I thought that competitive business was supposed to hire the most qualified and motivated candidates? Seriously, get out there, carve out your own space, and get hired! "Diversity" is just a politically correct buzzword and is not guaranteed to lead to an agile workforce..
Except that African-Americans represent 10% of graduating students and about the same percentage of computer science grads. Even among an Ivy-League technical college like MIT, blacks represent 8% of the college body. I can't expect Yahoo and Google to fix social problems in the US, but I would expect that their employee ethnic makeup roughly reflect the ethnic makeup of the colleges from which they are recruiting from. The fact that their percentage of black students is 8-10 times lower than their available recruiting pool implies to me either a systematic bias or discrimination in their hiring practices.
At least now, bad as it is, I get to contribute to groups that represent my views, even if imperfectly. Seriously, with all the abuses of other moneyed interests,(mine, of course never abuse the system) no one has ever even tried to explain something better to me.
Here in Québec we have a campaign contribution limit of $100 per person, and a total campaign spending limit for each party of roughly $1 per elector in the province. This ensured that no one had a disproportionate financial impact in the election, while still allowing me to contribute to the group that I wished. Despite what may seem to be low limits, we had a healthy campaign, with a diverse number of parties. And considering that 4 different parties managed to elect representatives to the assembly, with a high rate of voter turnout, I'd say our democracy is faring better than in the U.S.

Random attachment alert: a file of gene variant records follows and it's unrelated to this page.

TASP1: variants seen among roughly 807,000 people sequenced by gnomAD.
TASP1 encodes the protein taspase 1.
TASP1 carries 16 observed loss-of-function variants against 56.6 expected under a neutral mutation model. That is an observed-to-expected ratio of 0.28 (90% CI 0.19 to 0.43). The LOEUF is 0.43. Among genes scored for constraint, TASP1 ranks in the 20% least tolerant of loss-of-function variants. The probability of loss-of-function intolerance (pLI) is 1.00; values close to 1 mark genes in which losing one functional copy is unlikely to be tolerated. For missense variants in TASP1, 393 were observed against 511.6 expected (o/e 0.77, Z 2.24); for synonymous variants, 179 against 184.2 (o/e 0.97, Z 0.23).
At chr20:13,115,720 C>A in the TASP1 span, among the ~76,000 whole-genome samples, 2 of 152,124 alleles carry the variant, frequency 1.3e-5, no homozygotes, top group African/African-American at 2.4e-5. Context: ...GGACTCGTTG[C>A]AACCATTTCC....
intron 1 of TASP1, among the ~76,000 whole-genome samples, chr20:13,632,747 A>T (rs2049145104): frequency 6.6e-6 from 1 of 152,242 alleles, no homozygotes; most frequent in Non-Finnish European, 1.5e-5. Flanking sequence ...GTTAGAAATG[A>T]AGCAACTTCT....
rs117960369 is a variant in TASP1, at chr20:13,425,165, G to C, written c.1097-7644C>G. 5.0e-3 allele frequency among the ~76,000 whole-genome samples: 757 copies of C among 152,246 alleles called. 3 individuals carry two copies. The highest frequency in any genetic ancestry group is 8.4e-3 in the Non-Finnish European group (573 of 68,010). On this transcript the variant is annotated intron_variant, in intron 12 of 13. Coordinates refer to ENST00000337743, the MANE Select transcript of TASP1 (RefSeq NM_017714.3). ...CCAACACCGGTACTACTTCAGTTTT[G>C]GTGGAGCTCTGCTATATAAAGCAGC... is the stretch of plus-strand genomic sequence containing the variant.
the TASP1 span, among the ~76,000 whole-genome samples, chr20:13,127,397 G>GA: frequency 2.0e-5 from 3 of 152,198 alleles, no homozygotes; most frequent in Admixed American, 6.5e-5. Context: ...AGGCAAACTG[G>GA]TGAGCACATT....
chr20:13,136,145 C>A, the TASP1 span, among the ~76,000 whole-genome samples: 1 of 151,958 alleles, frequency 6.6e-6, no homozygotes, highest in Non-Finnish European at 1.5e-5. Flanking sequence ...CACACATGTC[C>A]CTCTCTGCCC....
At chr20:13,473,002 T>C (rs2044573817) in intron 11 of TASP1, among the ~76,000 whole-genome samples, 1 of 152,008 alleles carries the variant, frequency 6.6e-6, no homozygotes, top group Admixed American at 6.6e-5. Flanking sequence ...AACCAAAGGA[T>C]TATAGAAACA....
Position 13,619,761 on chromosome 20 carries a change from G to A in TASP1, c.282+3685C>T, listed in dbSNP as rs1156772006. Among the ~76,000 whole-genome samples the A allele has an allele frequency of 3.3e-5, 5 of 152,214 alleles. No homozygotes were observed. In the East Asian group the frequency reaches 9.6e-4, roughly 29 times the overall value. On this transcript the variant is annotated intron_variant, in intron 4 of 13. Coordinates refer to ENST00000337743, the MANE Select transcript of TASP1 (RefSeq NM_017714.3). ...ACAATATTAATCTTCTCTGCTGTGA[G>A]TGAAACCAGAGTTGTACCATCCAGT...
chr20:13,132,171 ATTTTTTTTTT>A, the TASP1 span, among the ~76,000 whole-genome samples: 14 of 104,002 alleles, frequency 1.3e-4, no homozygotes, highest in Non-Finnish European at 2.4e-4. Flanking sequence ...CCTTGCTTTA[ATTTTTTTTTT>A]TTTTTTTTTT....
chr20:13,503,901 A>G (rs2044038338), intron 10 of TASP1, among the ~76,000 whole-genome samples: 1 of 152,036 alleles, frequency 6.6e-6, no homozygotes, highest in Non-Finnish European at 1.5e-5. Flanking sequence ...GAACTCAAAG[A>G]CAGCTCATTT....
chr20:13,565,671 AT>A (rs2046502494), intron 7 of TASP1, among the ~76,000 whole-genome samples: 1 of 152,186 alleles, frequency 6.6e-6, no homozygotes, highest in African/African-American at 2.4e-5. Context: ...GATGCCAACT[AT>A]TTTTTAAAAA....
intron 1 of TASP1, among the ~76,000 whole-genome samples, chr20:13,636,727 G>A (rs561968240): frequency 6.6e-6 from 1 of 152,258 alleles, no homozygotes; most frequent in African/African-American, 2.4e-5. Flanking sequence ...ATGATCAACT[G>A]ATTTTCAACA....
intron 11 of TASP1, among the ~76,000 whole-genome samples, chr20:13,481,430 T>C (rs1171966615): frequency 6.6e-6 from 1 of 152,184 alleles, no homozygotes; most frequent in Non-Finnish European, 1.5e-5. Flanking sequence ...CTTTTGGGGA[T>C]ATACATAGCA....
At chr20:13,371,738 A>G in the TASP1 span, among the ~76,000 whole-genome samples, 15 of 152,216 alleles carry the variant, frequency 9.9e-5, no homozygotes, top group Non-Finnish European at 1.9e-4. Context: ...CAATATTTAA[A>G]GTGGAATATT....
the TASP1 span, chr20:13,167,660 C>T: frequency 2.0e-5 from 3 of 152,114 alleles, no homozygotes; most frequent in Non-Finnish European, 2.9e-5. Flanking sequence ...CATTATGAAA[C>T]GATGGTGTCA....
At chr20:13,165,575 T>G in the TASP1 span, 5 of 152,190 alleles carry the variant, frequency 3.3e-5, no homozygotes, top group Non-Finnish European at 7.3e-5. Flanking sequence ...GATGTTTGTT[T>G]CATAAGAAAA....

So yes, there are better models of campaign financing out there if the US was serious about campaign finance reform
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This is a hybrid system, with the Lithium-Ion battery being used for daily commutes and the Aluminum-Air battery only kicking for long distances. The regular range of an electric car like the Nissan Leaf is 135km, which covers most daily commutes, including yours. If you were only using the car for commuting and regularly charged the Li-Ion battery, the Al-air battery should in theory last indefinitely.
The Aluminum-Air battery will only be drained for those long-distance trips which exceed the range of the Li-Ion battery, and only then for the segments of the trip where the Li-Ion battery wasn't charged. Hence their claim that one ought to be able to extend the 3000km life-cycle of the Al-Air battery over at least 2 years.